"From now on, we never want silence," she told me later. "That's the worst thing that could possibly happen — silence. Music will play at all times (when the team isn't playing), and when a timeout is called and you don't know yet if it's a full timeout or a short 20 seconds. When in doubt, even in that moment, play music. Awkward silence? You don't want it!" Indeed, during the ideas meeting, as if to reinforce her point, she set up a speaker on the floor and set her iPod to play upbeat dance songs — music to jot on your Post-it note by.
Behind the scenes at the United Center, the arrival of Harris has meant a sea change in the way the Bulls think about in-game entertainment. Until last summer, most of the regular game entertainers, from the Luvabulls cheerleaders to the grandmotherly Swingin' Seniors dance troupe to the drumstick-twirling Bucket Boys, were independents, freelancers. Harris made them contracted Bulls employees.
And these idea meetings …
Before Harris started, the Bulls didn't have them. "Well, not organized meetings, and never ones that included the whole staff," said Barry Anderson, manager of entertainment. Also, rehearsals: Before Harris, the Bulls' floor show — popular as it has been, often ranking second in NBA-conducted fan surveys, behind the Miami Heat's in-game entertainment — mostly came together loosely. After her, it's hyperorganized and efficient, every split second maximized for optimum effect (at all times, a fan's head should be trained on the video board or the court). Each home game now requires two hours of rehearsals and a 10-page spreadsheet schedule detailing everything, from video playlists to that night's winner of the Dunkin' Donut race.
"OK, done? Fan stunts," Harris said and walked to one of the whiteboards, now covered in Post-its.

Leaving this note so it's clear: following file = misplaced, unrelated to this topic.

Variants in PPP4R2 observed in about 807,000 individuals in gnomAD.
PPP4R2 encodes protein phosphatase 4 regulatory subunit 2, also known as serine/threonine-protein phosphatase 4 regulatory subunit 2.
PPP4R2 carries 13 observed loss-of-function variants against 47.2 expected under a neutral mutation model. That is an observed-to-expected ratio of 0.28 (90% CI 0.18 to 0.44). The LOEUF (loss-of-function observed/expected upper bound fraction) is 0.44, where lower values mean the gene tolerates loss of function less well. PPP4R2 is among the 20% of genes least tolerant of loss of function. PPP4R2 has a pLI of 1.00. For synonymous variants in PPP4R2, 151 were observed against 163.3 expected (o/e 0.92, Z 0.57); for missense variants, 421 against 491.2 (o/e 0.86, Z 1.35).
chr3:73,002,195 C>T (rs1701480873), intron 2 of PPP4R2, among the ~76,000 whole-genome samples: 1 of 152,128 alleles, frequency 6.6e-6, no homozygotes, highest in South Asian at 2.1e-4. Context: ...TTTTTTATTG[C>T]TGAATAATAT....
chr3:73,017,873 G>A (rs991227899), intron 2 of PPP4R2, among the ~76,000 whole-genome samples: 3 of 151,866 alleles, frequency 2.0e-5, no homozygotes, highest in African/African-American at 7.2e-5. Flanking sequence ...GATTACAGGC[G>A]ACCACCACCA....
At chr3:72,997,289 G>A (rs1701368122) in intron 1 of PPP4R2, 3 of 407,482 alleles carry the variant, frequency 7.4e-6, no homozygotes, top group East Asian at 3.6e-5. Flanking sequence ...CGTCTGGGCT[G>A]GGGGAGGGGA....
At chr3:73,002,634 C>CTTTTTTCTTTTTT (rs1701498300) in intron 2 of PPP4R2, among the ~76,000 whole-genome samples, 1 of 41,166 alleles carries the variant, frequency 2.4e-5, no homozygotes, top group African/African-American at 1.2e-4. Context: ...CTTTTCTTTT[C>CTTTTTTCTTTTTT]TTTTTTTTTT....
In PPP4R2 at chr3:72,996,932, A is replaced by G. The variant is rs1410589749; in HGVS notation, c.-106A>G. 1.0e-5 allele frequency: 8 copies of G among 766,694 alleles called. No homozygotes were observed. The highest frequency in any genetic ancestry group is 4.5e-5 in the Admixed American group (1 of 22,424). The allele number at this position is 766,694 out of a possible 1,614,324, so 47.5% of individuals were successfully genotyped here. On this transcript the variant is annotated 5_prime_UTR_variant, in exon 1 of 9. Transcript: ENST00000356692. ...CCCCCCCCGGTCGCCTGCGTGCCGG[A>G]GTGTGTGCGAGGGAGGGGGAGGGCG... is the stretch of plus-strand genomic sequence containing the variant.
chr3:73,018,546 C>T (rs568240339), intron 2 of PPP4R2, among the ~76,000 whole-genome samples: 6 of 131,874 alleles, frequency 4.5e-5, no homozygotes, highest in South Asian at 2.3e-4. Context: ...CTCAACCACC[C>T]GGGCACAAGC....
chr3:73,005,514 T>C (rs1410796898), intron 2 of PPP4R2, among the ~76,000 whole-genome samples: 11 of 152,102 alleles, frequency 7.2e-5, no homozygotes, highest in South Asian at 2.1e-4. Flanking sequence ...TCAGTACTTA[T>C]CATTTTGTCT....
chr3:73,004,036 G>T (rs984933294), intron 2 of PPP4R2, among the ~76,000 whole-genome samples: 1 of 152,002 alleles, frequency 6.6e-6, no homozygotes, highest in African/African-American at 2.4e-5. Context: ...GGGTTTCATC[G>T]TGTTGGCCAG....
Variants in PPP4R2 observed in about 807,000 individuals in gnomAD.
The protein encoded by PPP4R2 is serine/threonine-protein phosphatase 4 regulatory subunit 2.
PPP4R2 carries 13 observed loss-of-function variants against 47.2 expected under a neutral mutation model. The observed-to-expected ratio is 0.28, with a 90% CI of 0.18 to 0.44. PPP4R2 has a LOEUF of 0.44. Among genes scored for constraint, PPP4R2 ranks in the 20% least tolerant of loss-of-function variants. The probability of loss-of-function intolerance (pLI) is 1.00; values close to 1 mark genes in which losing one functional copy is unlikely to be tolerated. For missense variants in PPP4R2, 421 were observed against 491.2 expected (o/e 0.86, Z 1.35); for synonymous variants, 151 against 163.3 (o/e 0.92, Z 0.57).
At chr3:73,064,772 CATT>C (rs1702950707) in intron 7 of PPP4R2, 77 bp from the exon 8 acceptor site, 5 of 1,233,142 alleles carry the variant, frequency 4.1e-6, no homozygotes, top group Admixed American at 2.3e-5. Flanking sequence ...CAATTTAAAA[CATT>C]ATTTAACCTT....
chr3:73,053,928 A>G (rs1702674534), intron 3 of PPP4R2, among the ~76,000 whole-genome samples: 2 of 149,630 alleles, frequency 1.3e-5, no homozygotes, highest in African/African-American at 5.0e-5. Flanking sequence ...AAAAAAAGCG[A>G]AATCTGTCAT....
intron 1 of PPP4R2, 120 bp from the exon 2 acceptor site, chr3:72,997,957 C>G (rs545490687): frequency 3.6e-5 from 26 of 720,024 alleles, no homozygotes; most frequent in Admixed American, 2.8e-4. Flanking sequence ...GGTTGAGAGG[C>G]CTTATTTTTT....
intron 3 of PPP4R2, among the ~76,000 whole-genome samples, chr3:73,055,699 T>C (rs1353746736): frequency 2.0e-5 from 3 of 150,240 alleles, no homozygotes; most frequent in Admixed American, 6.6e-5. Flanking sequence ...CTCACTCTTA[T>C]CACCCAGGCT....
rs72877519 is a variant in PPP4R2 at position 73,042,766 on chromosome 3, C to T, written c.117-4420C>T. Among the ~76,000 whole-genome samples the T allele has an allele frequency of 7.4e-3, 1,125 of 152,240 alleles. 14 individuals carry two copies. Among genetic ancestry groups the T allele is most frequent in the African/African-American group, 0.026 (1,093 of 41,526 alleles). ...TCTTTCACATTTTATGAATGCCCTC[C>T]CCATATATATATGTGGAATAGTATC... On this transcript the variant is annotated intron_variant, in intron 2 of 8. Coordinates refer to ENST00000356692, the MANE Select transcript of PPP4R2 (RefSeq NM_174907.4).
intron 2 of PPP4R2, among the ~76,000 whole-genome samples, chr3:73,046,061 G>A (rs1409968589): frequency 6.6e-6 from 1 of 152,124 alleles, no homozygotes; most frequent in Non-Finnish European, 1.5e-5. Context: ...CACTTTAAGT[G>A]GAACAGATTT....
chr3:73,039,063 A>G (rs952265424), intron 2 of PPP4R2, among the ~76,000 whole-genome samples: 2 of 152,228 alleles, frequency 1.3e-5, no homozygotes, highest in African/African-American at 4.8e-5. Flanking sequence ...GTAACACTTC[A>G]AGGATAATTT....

She read: "'Something on the Red Line …' Great. 'Video of dueling neighbors competing to be the reddest' … Perfect. 'Red palms' … 'InstaVid dance-off contest' … 'What would you do for tickets?' … 'Red food eating contest' … 'Something with the cast of Chicago Fire' … This is mine: Those vertical runs? A fan race to the top of a Chicago skyscraper to turn on the red light, to go with the human running of the bulls?"
Benny the Bull (or, rather, the person who plays Benny and asked not to be identified) spoke up: "Actually, I had this idea a while ago, where Benny does this, and at the top he goes to pull the lever … and it breaks!"
"Yup, yup," Harris said, beaming. "Let's keep it going. Next category, video and graphics."
A few moments later, she turned off Katy Perry on her iPod. "OK, video," she said, looking at the board:
"'Red Hot Player of the Game' … Love it! 'Minute-to-Win-It with red items' … Yes! 'Benny on the ledge of the Willis Tower as city turns red in background' … 'Video: Red, Redder, Reddest' … 'Celebrity shoutouts from red celebs. Example: Robert Redford' … Ha! 'Kissed by a Rose-Cam' … 'Lady in Red Cam' … Yes!"
Harris' story is quick: Having grown up in a large Filipino family, she says, "I have always felt affinity for lots of action around, having lots of people around." She was a cheerleader at St. Ignatius College Prep on the Near West Side. As a college student — she studied business at New York University — she continued dancing, first landing a cheerleading spot with the WNBA's New York Liberty, then, senior year, on the Knicks' cheerleading squad. She soon became squad captain, and, after presenting the Knicks front office with a Power Point presentation for "enhancing revenue opportunities" with its dance teams, she rose quickly in the organization, landing celebrity guest DJs (Questlove), replacing red carpets with Knicks blue, hiring Alicia Keys for in-game videos and bringing in the Beastie Boys to kill the arena lights at tipoff.